Dirt, dirt everywhere, but not a piece of land for a multifamily project. For Las Vegas, this is a major factor affecting the multifamily market, and the effects have multifamily developers frustrated, multifamily owners thrilled, and investors ready to act as soon as opportunities become available.

Though the open space surrounding this city seems endless, buildable land is actually in short supply. "Ninety-five percent of Las Vegas' Clark County is owned by the federal government, mainly the Bureau of Land Management," says Robert Schmidt, president of Theodore Roosevelt Institute, a Las Vegas and Irvine, Calif. research institute. "As our population and demand for housing continues to explode, the issue may boil down to a congressional collaboration between Nevada and other Western states that also have large parcels of federal land. Regardless, Las Vegas needs some relief."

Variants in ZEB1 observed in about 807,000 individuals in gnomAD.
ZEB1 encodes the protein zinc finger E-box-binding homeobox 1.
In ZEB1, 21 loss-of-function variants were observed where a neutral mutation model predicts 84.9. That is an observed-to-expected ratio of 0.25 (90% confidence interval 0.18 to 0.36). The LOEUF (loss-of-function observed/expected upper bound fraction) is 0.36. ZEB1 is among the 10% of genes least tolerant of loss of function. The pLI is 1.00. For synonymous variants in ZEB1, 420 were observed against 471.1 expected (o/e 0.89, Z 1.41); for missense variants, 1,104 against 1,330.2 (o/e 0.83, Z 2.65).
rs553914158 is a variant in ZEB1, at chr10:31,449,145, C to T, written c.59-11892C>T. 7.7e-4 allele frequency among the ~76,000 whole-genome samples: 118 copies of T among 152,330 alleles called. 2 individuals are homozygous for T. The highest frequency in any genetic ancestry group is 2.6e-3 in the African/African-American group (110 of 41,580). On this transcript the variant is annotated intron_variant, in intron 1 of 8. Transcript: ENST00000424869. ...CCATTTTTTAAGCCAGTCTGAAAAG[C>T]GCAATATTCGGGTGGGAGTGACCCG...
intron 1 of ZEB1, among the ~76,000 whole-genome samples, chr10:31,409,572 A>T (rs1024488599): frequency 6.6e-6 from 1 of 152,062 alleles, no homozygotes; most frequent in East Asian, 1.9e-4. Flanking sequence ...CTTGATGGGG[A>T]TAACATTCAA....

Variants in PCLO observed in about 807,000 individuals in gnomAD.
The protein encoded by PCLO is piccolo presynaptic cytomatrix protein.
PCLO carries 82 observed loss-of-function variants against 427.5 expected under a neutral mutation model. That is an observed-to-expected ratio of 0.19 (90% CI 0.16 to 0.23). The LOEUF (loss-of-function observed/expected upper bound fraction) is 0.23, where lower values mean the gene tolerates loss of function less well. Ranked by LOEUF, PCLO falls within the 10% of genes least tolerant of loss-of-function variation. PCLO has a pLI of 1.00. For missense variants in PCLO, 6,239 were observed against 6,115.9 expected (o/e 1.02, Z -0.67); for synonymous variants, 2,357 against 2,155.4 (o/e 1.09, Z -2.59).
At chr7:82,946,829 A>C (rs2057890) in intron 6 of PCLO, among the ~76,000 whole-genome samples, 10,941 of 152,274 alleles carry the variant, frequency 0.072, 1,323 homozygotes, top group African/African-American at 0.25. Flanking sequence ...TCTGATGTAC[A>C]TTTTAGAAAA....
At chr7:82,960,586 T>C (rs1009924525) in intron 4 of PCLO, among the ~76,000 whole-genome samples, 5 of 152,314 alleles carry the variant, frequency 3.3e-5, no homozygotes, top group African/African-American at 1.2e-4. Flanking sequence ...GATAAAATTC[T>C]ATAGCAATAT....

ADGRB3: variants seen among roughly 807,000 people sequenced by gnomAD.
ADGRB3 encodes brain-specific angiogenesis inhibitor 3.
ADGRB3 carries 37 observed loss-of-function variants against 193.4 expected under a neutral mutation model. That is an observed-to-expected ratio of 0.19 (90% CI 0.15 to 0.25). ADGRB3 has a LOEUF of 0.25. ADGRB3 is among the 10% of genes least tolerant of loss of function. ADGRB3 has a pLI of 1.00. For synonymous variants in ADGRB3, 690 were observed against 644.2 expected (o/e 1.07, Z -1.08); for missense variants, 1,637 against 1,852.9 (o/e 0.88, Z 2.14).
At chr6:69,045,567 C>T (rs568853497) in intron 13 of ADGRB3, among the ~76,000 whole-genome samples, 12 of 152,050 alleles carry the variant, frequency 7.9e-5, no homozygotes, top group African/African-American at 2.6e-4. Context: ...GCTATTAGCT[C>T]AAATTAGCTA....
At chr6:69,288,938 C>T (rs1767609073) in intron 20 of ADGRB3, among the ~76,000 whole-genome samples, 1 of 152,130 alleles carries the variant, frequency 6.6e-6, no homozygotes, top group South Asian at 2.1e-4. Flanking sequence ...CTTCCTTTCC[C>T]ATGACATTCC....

Multifamily firms just can't resist the lure of Las Vegas, despite a few high-profile condo failures.
Sperry Van Ness Multifamily firms just can't resist the lure of Las Vegas, despite a few high-profile condo failures.

Given such pressure, the price for dirt has increased dramatically. Just a few years ago, Las Vegas multifamily developers were paying land costs of $14,000 per unit. Today, that price is as high as $70,000 per unit. Add rising construction costs (up 30 percent nationwide), and developers are left with projects they cannot afford to build, despite the demand for all types of multifamily housing in Vegas.

"It's a matter of yield," Schmidt explains. "If you're paying $600,000 an acre or more, it's hard to find the return in anything besides luxury options."